• Lisa

      When it comes to crimes like domestic abuse or rape, the conviction rate is pretty low. It’s usually a “he said she said” situation, just like in this case. The only thing we know for sure is that we just don’t know what happened and what didn’t happen between him and his ex-wife. The innocent until proven guilty thing while an admirable principle puts the entire burden of proof upon the victim which in cases like these where the violence happens between closed doors is incredibly hard to prove. And to be frank, I don’t think this principle is relevant here. No one is saying Depp should be punished or charged with anything, we’re just saying that in such an ambiguous situation there were better casting choices out there. Starring in a franchise is not a human right and has nothing to do with the right to a fair trial.

  • Lisa

    JKR doesn’t really address anything in what she’s written, it’s more like she’s once again expressing that she’s happy to have him in her franchise and she can’t tell us exactly how but she knows he’s innocent. Just like David Yates apparently knows, nevermind that the fact that Depp is kind and nice to him doesn’t mean he cannot be abusive to his wife. It’s quite possible for abusers to be charismatic, you know, Dave. So yeah, I was happy that JKR adressed this issue but disappointed to read the piece and find even more defence of this casting choice. I’m not saying he should be in jail if he’s innocent, I’m saying that there are other actors out there without such stains on their record. I was expecting more from a woman who claims to stand up for children and other women.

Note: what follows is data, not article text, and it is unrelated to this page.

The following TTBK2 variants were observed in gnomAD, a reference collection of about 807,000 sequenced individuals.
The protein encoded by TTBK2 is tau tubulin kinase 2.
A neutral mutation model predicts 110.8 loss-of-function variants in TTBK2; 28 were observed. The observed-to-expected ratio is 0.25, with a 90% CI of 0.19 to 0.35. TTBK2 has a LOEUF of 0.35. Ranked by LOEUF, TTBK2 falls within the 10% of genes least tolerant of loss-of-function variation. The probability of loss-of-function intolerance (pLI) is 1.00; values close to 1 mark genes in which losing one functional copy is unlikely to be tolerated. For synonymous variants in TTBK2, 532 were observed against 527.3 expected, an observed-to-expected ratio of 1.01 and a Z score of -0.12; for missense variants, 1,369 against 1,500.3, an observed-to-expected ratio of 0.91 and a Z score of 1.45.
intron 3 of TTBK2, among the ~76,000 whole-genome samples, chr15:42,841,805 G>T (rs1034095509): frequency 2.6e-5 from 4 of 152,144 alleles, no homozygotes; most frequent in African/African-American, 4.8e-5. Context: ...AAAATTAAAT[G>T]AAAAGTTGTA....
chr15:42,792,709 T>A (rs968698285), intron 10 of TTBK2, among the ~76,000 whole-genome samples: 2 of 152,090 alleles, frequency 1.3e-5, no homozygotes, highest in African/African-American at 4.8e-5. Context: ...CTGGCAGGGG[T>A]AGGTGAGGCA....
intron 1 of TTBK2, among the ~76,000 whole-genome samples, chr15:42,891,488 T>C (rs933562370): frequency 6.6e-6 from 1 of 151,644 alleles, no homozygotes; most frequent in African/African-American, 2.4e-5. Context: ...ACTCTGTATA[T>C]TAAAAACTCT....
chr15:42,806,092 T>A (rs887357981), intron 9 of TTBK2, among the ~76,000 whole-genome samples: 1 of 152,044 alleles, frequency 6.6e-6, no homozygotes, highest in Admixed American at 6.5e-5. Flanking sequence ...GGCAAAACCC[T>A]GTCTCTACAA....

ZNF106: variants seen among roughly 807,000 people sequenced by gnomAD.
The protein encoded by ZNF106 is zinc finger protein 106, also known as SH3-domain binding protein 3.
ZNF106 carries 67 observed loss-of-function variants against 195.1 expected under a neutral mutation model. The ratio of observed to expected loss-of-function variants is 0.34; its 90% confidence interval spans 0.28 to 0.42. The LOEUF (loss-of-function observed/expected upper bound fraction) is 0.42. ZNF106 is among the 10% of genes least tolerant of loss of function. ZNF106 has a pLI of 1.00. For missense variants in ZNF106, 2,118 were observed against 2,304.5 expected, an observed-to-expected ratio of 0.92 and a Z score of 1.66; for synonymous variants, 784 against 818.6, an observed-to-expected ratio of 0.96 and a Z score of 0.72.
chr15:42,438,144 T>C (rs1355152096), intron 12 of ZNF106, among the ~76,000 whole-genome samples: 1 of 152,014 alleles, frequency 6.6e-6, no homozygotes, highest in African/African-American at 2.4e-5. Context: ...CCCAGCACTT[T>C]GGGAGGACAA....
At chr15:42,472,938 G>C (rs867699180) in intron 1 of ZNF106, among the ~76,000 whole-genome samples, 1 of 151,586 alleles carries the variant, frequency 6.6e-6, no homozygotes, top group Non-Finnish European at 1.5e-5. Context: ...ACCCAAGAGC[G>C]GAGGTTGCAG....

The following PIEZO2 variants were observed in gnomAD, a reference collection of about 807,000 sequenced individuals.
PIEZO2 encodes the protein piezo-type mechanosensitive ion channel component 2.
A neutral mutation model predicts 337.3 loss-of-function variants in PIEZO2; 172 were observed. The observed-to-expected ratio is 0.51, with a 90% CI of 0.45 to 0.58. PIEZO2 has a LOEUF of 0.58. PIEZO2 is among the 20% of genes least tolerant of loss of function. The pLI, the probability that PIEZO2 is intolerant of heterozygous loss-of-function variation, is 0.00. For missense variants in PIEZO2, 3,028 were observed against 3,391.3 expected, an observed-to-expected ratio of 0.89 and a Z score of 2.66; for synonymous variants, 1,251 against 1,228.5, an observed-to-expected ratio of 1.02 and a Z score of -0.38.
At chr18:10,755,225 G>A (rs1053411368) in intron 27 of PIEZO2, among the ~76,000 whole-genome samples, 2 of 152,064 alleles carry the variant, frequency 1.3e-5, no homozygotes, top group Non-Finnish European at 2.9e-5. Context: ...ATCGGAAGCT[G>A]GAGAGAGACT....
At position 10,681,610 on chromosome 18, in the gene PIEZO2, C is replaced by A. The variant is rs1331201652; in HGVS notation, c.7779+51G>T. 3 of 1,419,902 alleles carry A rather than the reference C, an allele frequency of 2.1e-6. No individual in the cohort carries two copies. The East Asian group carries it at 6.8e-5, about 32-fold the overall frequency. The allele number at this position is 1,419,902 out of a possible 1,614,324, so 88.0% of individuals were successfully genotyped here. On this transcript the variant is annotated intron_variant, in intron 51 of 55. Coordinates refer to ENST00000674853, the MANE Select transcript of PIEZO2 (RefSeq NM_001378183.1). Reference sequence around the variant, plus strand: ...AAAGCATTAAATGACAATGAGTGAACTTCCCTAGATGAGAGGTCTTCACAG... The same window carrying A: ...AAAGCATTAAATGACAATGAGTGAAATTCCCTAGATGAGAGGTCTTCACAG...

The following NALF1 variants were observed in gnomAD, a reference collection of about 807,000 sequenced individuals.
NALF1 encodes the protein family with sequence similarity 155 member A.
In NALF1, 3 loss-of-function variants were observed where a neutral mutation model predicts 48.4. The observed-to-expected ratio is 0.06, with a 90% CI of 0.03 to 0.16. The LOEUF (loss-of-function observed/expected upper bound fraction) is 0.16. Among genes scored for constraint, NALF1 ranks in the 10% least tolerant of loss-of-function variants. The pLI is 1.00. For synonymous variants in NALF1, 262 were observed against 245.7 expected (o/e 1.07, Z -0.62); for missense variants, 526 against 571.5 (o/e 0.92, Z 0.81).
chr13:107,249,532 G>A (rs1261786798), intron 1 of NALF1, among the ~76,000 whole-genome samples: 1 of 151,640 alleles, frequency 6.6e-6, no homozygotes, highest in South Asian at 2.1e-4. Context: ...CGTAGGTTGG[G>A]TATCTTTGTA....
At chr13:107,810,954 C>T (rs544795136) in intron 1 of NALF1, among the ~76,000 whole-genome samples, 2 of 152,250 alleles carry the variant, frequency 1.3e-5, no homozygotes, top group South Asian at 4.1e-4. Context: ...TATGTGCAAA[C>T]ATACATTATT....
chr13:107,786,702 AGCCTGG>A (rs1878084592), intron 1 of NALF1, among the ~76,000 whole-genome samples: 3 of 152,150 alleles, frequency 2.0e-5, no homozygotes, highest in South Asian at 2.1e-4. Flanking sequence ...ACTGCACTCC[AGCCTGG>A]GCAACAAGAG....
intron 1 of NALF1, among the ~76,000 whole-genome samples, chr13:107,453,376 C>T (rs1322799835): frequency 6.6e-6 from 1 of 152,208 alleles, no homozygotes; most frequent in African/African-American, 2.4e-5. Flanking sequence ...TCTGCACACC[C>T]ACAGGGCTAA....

• Shilani Liva-Liva

    I personally would have never cast Depp in the first place. However, I can see that now that they have cast him, they can’t really dump him and find another actor, so I will watch the rest of the series. However, I am not sure if I will watch any other movies staring Johnny Depp.

  • Iain Walker

    Here’s the thing: Depp may or may not be legally guilty of domestic abuse, but there was enough prima facie evidence of violent behaviour for a judge to issue a restraining order against him on Heard’s behalf. One can hence make a provisional judgement, on the balance of probabilities, that some domestic abuse occurred. That’s not the same as condemning him outright, only to say that the accusations are plausible and should not be dismissed.

    Now, it may well be that such behaviour is out of character for Depp, an exception rather than part of a pattern. And the argument that if the two people involved have drawn a line under it then the rest of us should respect that isn’t entirely without merit. Except this is bigger than Depp. Recasting him wouldn’t have hurt him financially, and probably wouldn’t have hurt him much professionally either. It would, however, have sent a signal that the filmmakers took violence against women seriously. It would be a gesture more than anything else, it’s true, but sometimes gestures matter when it comes to changing a culture. And maybe a little time out for Depp to reflect and rebuild his reputation might not be a bad thing for him, either.

    So for me, the arguments in favour of recasting him still outweigh the arguments against. I don’t think Rowling’s position is entirely unreasonable to hold, but I don’t find it convincing either. That said, I’m not going to let this spoil my enjoyment of the films. I’d rather Depp hadn’t been cast, but I’m not going to make it the sole yardstick by which I measure the rest of the series.

    He’d better give a damn good performance, though.